Buzz calls Woody with some disturbing news, web traffic to their website has dropped suddenly and noticeably. Rex tells Woody that there is no obvious reason for this; the website wasn’t down nor was there a change in their security status. Besides wondering why all of his staff are named after Toy Story characters, what is Woody to do next?

Is It a Real Traffic Drop?

First of all, Buzz can be a little excitable so be sure that this is a real drop in traffic and not just something that regularly occurs, perhaps even seasonally.

Check your Google Analytics over the past six months to see if large swings up or down are normal. Every website experiences some variation in traffic from month to month.

Which Traffic Flow is the Drop Coming From?

There are many different flows of traffic coming to your site. Knowing where your traffic has come from is a good place to start when investigating why it has dropped.

Direct Traffic: This kind of traffic comes from users directly entering your domain name into the address bar.

Organic Search Traffic: This is the traffic that you attain when a user clicks a site from the results of a search engine. If your organic search traffic has dropped dramatically then it’s probably due to a drop in your ranking positions. More on this below.

Paid Search Traffic: When you set up paid ads and drive people to your site. If you stop paying, you’ll probably see a drop here.

Social Traffic: This is the traffic that comes from social channels such as Facebook, Instagram,

YouTube, Twitter, and LinkedIn. If your social traffic has dropped, maybe your recent social campaigns have recently ended or they didn’t work as expected.

Email Traffic: Traffic which has been obtained from email links and from email subscriptions.

Referral Traffic: This is the traffic that comes from other website links back to you. Maybe one of your main referrals went offline or dropped your links somehow.

Display Traffic: This is traffic that has found its way to your site through an ad on another website. Usually found in the form of banner ads.

Other Common Reasons for Traffic Drop

– It’s Seasonal. If it is seasonable, problem solved. Maybe you can throw some money at a campaign around this time of year to keep your numbers flat.

– Google Penalties – Google might have decided you were doing something wrong and penalized you.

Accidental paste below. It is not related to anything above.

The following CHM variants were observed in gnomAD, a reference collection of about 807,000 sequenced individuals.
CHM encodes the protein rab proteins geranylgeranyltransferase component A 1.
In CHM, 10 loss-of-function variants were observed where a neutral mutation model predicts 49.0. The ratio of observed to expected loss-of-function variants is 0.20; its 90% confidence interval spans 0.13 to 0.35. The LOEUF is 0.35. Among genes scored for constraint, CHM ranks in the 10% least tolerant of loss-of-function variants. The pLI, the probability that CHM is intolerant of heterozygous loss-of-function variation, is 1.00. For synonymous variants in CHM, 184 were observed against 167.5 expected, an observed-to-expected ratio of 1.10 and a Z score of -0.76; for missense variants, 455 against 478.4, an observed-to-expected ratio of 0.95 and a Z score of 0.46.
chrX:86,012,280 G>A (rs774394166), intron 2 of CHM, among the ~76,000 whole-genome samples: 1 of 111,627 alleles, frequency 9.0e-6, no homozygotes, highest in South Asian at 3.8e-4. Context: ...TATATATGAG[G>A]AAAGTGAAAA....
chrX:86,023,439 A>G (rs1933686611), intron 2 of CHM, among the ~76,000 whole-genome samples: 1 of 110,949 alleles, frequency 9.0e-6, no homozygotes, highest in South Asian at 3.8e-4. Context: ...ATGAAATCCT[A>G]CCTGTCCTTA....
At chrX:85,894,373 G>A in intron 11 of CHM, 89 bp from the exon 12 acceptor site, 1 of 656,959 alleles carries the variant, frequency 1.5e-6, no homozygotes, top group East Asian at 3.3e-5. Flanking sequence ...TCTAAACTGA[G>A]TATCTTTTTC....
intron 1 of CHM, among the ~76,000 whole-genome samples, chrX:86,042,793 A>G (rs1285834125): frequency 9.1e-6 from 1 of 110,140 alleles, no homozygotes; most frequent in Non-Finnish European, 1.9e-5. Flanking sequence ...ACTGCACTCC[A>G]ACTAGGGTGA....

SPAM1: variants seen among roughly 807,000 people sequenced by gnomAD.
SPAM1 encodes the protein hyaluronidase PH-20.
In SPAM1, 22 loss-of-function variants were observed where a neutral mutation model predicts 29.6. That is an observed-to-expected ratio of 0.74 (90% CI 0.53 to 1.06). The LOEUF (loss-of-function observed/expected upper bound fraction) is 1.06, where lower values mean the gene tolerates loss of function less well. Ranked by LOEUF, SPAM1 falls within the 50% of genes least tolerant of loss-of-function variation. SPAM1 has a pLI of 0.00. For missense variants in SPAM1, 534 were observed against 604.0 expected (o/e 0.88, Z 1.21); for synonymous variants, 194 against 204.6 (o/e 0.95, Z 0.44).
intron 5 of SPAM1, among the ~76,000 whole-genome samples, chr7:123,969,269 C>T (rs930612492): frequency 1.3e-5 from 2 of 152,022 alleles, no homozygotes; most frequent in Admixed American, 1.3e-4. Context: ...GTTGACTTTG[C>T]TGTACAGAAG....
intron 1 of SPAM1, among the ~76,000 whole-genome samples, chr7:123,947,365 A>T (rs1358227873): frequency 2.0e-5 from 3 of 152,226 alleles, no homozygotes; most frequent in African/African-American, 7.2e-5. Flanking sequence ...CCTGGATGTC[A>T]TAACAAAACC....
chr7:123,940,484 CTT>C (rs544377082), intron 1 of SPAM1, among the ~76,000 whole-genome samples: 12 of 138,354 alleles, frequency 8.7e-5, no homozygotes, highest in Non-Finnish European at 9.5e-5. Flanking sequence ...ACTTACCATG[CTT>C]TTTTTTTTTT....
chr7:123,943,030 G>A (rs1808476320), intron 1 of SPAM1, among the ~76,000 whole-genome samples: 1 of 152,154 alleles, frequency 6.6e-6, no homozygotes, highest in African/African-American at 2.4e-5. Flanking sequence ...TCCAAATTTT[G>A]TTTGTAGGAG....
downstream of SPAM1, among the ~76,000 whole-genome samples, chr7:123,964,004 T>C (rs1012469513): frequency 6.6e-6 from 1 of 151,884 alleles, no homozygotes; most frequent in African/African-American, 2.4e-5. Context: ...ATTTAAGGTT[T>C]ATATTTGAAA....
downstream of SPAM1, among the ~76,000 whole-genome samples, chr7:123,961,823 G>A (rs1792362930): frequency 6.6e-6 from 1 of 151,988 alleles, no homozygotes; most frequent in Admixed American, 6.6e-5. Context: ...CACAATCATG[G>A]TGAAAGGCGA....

– Errors – There might be an error on the website itself.

Google Penalties:

If organic traffic (via search engines) is the culprit for your traffic’s decline, the first thing you need to do is to check if you have been hit by a Google Penalty. There are two main types of Google penalties, the manual penalty and the algorithmic penalty.

Manual Penalty

These are allocated to a website from a Google employee. These will be issued if a website has directly gone against Google’s quality guidelines. A manual penalty means you cannot be seen in the SERPs (search engine results page). 

Algorithmic Penalty

These penalties are automatic once Google updates the algorithm. An example of this is the “Panda” update, which identifies low-quality websites. If your website was found to copy lots of content, you may have been hit automatically from the update. An algorithmic penalty probably knocked you off your top-ranking positions, but users can still find your site from organic results.

So how do you know if you’ve been penalized by Google?

For manual penalties, go to Google Search Console (GSC). Once you’re at the dashboard, scroll down the main left-hand menu and click on the tab “Security & Manual Actions” this should drop down and then click on “Manual Actions.”

It’s usually because you’ve gone against their quality guidelines. This can be grouped into the following main list of actions that may have shown them the red flags.

Keyword stuffing: Where you have unnaturally placed keywords all over the site both on-page and in the meta titles and descriptions.

Cloaking content: Hiding content from the search engine.

Duplicated content: Content that has been duplicated across many pages on the site or simply taken from another website.

Thin content: Low-quality meaningless pages on the site.

Deceptive redirects: Sending users to completely irrelevant or harmful content through the use of redirects.

Spam: Either user-generated spam, spamming links to another website, housing malicious content on your pages, or auto-generated content.

Unnatural links to and from the website: Anything that tries to fool the search engine or harm the user can result in a manual penalty. The quality of the web content can result in an algorithmic penalty.

When it comes to fixing the manual penalties, the only way is to fix what they’re flagging and then click “Request Review” in the GSC.

– Site Errors

Tracking errors

Maybe your tracking codes have an error or have been removed entirely. If you notice that there are suddenly no sessions being recorded in Google Analytics or a Tag isn’t firing, then contact your developers and confirm that the tracking code is where it needs to be and is working.

Incorrect robots.txt rules

Is your site blocking search engines from crawling in the robots.txt file? It isn’t uncommon for developers to leave robots.txt files unchanged after migrating from a development or staging website.

Traffic drops, if left unaddressed, can be damaging to your business. However, most of the possibilities are fairly obvious and even if not, with the right tools and a systematic approach to uncovering the reasons behind a drop, you can survive a dip in traffic.

A global team of digerati with offices in Washington, D.C. and Southern California, we provide digital strategy, digital marketing, web design, and creative for brands you know and nonprofits you love.
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